Chris Ryder, veteran reporter and specialist on police matters, is given space in the Irish Times to repeat the case for halting all pre- Troubles cases and leaving them to historians. Although he is known as a critical friend of the police, he makes a fair and balanced case which should be considered entirely on its merits.
This was an approach I ran with to support Arkiv, a group of historians who wanted to take it on, initially encouraged by the first secretary of state in the Cameron coalition, Owen Paterson. Since then the architecture of the past erected by the Haass report remains on the table for consideration by the parties under the Fresh Start Agreement, to little obvious effect.
For years the running in favour of full investigation has been made by human rights lawyers and journalists. They have made a lot of headway. A new inquest procedure headed by the High Court is in place, although funding has been denied. The courts have allowed legal access to the files of the Stevens reports. To the ill -concealed dismay of many police officers, the Historical Enquiries Team was discredited and is due to be replaced by a stronger and more independent body. The current police ombudsman is more vigorously independent than his predecessor. Collusion allegations, broadly defined, have been pursued with often alarming results. On the positive side on the ground, it is possible that the residue of the paramilitary organisations may be disbanded by consent and all-party agreement.
Looking at investigations across the water, we see old cases coming under new and searching review, from Stephen Lawrence to Hillsborough. Cold cases are revived almost every day with improved forensic techniques including the use of DNA. Why should not Northern Ireland receive similar conscientious treatment in an age which is everywhere less deferential and trusting of state authority?
One answer is that many of us on every side would not like the results. A second is that we know or think we know, many of the results already. A third is that the “truth” in cases where it might still be unearthed ( and there is sharp disagreement about the number) , would cause more pain than closure, never mind reconciliation – more perhaps than society can bear.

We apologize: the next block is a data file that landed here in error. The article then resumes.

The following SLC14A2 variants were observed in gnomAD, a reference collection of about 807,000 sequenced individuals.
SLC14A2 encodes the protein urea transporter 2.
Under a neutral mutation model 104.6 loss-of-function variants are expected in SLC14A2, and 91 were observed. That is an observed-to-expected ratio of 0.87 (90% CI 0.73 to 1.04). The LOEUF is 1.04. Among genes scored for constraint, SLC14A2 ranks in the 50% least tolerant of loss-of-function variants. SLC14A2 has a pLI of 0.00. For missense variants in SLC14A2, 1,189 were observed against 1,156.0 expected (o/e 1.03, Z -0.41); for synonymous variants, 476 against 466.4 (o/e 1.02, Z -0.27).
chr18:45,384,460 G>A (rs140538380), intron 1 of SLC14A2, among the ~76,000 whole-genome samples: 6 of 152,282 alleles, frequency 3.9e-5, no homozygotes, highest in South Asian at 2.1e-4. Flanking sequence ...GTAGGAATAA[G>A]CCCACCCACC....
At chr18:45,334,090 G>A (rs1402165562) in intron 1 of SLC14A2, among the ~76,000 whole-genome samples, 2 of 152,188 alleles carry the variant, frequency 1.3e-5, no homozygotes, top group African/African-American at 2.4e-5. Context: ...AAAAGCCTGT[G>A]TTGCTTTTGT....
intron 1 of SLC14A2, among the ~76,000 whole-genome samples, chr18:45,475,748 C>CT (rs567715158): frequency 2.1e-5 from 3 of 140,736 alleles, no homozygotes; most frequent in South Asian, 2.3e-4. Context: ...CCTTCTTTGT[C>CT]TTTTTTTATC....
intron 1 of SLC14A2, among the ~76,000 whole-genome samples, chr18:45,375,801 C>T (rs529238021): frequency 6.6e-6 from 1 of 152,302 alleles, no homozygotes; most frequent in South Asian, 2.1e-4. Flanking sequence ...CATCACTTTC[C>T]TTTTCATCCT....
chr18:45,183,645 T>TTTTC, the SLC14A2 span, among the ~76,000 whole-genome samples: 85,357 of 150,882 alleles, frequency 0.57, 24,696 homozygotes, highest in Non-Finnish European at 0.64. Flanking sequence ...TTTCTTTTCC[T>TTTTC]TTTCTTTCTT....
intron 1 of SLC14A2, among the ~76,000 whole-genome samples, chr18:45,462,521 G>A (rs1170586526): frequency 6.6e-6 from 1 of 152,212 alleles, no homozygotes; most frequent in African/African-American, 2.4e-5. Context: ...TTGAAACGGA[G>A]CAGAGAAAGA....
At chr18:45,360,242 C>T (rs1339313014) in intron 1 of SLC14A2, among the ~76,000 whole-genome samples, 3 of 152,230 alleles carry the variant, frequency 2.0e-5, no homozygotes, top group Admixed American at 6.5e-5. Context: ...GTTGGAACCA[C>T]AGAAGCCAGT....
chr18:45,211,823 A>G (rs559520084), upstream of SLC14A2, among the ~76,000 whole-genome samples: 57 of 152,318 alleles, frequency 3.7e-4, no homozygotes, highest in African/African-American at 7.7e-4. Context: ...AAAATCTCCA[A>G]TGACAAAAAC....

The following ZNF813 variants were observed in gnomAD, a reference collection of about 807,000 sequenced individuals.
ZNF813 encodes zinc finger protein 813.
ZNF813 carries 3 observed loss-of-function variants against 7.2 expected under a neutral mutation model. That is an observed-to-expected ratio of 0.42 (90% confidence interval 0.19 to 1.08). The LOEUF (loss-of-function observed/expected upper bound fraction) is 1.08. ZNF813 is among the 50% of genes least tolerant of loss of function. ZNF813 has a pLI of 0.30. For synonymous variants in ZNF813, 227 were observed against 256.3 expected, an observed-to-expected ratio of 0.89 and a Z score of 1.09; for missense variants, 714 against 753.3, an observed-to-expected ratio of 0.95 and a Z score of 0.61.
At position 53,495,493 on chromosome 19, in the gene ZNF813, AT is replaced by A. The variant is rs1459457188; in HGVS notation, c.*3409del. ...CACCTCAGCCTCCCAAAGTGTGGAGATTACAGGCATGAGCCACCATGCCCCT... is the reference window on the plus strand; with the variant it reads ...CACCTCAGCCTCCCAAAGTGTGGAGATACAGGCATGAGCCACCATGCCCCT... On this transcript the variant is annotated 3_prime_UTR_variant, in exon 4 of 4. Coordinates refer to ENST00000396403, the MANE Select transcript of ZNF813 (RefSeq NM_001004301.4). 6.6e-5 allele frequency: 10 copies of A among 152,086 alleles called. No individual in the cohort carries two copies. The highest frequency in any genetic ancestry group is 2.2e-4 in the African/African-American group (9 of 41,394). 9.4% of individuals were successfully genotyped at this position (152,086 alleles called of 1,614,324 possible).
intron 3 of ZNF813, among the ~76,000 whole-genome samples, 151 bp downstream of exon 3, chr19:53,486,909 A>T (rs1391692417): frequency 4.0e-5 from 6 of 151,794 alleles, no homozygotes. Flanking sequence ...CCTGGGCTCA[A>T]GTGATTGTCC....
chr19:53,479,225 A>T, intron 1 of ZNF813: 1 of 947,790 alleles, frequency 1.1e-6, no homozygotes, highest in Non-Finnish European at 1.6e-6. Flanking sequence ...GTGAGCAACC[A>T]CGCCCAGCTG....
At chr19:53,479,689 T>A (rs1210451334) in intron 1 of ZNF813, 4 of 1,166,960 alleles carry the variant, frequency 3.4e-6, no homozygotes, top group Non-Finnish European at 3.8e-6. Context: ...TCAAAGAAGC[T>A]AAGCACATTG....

A final answer is that local politicians are inevitably tempted to game the issues of the past for political advantage. The belief is strong that they will always prevaricate and never agree, however elaborate the system for encouraging them to do so. The governments, the British in particular, hide behind the cloak of local deadlock.
There is no right answer, only a least worst one. I agree with Ryder and many others that it is not true that the demands of justice must be met before this society can progress. Honesty about the limitations of disclosure can now serve us much better. Better too, to use the £150 million on offer from Westminster to give disgracefully overdue succour to all victims on the only rational basis, that of need.
The past cannot be reshaped and revised, but the future can be influenced and remoulded in the interests of all, especially if the wounds are allowed to heal. Constantly picking and re-picking them prolongs division and disagreement.
For this reason, all the post-conflict proceedings should be halted and the files sealed until historians can produce a measured analysis of what actually took place over the past 50 years.
The £150 million earmarked for legacy investigations ought to be redirected to help supply the mental and physical needs of all the victims coping with the prolonged burden of their unfortunate involvement in a horrendous episode of Irish history.